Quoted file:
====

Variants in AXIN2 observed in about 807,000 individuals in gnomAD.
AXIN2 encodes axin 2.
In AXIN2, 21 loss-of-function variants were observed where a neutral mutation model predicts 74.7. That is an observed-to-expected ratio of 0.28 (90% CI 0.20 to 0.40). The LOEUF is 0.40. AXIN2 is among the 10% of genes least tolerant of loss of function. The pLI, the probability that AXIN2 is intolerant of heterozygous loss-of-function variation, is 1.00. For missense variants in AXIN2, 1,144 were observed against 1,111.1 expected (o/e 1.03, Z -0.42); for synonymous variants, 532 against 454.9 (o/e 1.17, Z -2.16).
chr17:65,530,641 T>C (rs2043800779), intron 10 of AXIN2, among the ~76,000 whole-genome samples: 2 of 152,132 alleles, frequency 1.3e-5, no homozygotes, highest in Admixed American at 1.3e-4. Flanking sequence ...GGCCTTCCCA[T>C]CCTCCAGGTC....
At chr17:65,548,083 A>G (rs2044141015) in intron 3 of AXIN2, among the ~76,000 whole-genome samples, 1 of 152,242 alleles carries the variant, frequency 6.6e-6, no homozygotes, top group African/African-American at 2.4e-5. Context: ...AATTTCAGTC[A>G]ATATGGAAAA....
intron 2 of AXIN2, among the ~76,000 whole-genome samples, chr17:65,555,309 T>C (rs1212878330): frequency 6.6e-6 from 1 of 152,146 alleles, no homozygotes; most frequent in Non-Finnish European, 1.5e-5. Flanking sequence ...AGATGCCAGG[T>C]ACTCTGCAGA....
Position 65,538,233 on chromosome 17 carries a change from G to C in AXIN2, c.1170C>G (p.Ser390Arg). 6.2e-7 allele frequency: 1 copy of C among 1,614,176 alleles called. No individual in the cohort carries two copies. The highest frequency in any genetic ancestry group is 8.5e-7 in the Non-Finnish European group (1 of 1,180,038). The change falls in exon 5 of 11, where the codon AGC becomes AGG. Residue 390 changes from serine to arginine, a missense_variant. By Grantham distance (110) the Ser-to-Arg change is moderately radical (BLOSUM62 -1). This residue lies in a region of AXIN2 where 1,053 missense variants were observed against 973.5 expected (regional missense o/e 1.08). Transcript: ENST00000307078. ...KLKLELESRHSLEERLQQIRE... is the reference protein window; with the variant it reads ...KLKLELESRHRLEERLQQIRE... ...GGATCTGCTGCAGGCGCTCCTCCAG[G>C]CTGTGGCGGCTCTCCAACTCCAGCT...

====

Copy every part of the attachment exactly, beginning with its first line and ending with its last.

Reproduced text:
Variants in AXIN2 observed in about 807,000 individuals in gnomAD.
AXIN2 encodes axin 2.
In AXIN2, 21 loss-of-function variants were observed where a neutral mutation model predicts 74.7. That is an observed-to-expected ratio of 0.28 (90% CI 0.20 to 0.40). The LOEUF is 0.40. AXIN2 is among the 10% of genes least tolerant of loss of function. The pLI, the probability that AXIN2 is intolerant of heterozygous loss-of-function variation, is 1.00. For missense variants in AXIN2, 1,144 were observed against 1,111.1 expected (o/e 1.03, Z -0.42); for synonymous variants, 532 against 454.9 (o/e 1.17, Z -2.16).
chr17:65,530,641 T>C (rs2043800779), intron 10 of AXIN2, among the ~76,000 whole-genome samples: 2 of 152,132 alleles, frequency 1.3e-5, no homozygotes, highest in Admixed American at 1.3e-4. Flanking sequence ...GGCCTTCCCA[T>C]CCTCCAGGTC....
At chr17:65,548,083 A>G (rs2044141015) in intron 3 of AXIN2, among the ~76,000 whole-genome samples, 1 of 152,242 alleles carries the variant, frequency 6.6e-6, no homozygotes, top group African/African-American at 2.4e-5. Context: ...AATTTCAGTC[A>G]ATATGGAAAA....
intron 2 of AXIN2, among the ~76,000 whole-genome samples, chr17:65,555,309 T>C (rs1212878330): frequency 6.6e-6 from 1 of 152,146 alleles, no homozygotes; most frequent in Non-Finnish European, 1.5e-5. Flanking sequence ...AGATGCCAGG[T>C]ACTCTGCAGA....
Position 65,538,233 on chromosome 17 carries a change from G to C in AXIN2, c.1170C>G (p.Ser390Arg). 6.2e-7 allele frequency: 1 copy of C among 1,614,176 alleles called. No individual in the cohort carries two copies. The highest frequency in any genetic ancestry group is 8.5e-7 in the Non-Finnish European group (1 of 1,180,038). The change falls in exon 5 of 11, where the codon AGC becomes AGG. Residue 390 changes from serine to arginine, a missense_variant. By Grantham distance (110) the Ser-to-Arg change is moderately radical (BLOSUM62 -1). This residue lies in a region of AXIN2 where 1,053 missense variants were observed against 973.5 expected (regional missense o/e 1.08). Transcript: ENST00000307078. ...KLKLELESRHSLEERLQQIRE... is the reference protein window; with the variant it reads ...KLKLELESRHRLEERLQQIRE... ...GGATCTGCTGCAGGCGCTCCTCCAG[G>C]CTGTGGCGGCTCTCCAACTCCAGCT...